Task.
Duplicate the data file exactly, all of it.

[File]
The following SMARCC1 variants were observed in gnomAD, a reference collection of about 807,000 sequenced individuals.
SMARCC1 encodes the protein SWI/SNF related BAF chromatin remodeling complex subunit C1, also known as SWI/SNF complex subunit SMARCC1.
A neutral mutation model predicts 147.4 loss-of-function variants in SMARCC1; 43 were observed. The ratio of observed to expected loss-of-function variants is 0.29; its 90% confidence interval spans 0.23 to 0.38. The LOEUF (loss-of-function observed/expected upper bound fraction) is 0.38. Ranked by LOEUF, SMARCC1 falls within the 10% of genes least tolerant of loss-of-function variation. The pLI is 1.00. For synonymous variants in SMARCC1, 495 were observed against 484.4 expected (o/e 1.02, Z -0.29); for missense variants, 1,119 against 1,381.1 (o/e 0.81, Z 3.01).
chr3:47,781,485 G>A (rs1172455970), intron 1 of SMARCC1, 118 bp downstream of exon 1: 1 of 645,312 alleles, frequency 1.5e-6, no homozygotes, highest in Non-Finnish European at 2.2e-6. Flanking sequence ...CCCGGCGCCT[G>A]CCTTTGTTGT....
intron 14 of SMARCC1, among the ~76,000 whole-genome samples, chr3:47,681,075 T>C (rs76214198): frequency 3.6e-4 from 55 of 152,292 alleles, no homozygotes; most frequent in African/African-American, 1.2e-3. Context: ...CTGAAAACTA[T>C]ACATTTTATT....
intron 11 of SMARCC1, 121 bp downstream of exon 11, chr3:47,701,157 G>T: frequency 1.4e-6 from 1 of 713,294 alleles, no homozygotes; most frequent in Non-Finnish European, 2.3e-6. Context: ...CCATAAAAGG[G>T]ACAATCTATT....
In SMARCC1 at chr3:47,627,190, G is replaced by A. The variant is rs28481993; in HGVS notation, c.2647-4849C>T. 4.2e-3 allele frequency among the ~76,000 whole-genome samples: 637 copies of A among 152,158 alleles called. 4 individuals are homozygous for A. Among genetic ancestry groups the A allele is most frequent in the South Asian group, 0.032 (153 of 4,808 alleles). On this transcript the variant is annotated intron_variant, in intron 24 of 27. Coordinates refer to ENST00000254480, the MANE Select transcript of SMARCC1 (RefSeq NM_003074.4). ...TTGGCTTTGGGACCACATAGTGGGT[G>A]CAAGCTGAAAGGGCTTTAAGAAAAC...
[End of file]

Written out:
The following SMARCC1 variants were observed in gnomAD, a reference collection of about 807,000 sequenced individuals.
SMARCC1 encodes the protein SWI/SNF related BAF chromatin remodeling complex subunit C1, also known as SWI/SNF complex subunit SMARCC1.
A neutral mutation model predicts 147.4 loss-of-function variants in SMARCC1; 43 were observed. The ratio of observed to expected loss-of-function variants is 0.29; its 90% confidence interval spans 0.23 to 0.38. The LOEUF (loss-of-function observed/expected upper bound fraction) is 0.38. Ranked by LOEUF, SMARCC1 falls within the 10% of genes least tolerant of loss-of-function variation. The pLI is 1.00. For synonymous variants in SMARCC1, 495 were observed against 484.4 expected (o/e 1.02, Z -0.29); for missense variants, 1,119 against 1,381.1 (o/e 0.81, Z 3.01).
chr3:47,781,485 G>A (rs1172455970), intron 1 of SMARCC1, 118 bp downstream of exon 1: 1 of 645,312 alleles, frequency 1.5e-6, no homozygotes, highest in Non-Finnish European at 2.2e-6. Flanking sequence ...CCCGGCGCCT[G>A]CCTTTGTTGT....
intron 14 of SMARCC1, among the ~76,000 whole-genome samples, chr3:47,681,075 T>C (rs76214198): frequency 3.6e-4 from 55 of 152,292 alleles, no homozygotes; most frequent in African/African-American, 1.2e-3. Context: ...CTGAAAACTA[T>C]ACATTTTATT....
intron 11 of SMARCC1, 121 bp downstream of exon 11, chr3:47,701,157 G>T: frequency 1.4e-6 from 1 of 713,294 alleles, no homozygotes; most frequent in Non-Finnish European, 2.3e-6. Context: ...CCATAAAAGG[G>T]ACAATCTATT....
In SMARCC1 at chr3:47,627,190, G is replaced by A. The variant is rs28481993; in HGVS notation, c.2647-4849C>T. 4.2e-3 allele frequency among the ~76,000 whole-genome samples: 637 copies of A among 152,158 alleles called. 4 individuals are homozygous for A. Among genetic ancestry groups the A allele is most frequent in the South Asian group, 0.032 (153 of 4,808 alleles). On this transcript the variant is annotated intron_variant, in intron 24 of 27. Coordinates refer to ENST00000254480, the MANE Select transcript of SMARCC1 (RefSeq NM_003074.4). ...TTGGCTTTGGGACCACATAGTGGGT[G>A]CAAGCTGAAAGGGCTTTAAGAAAAC...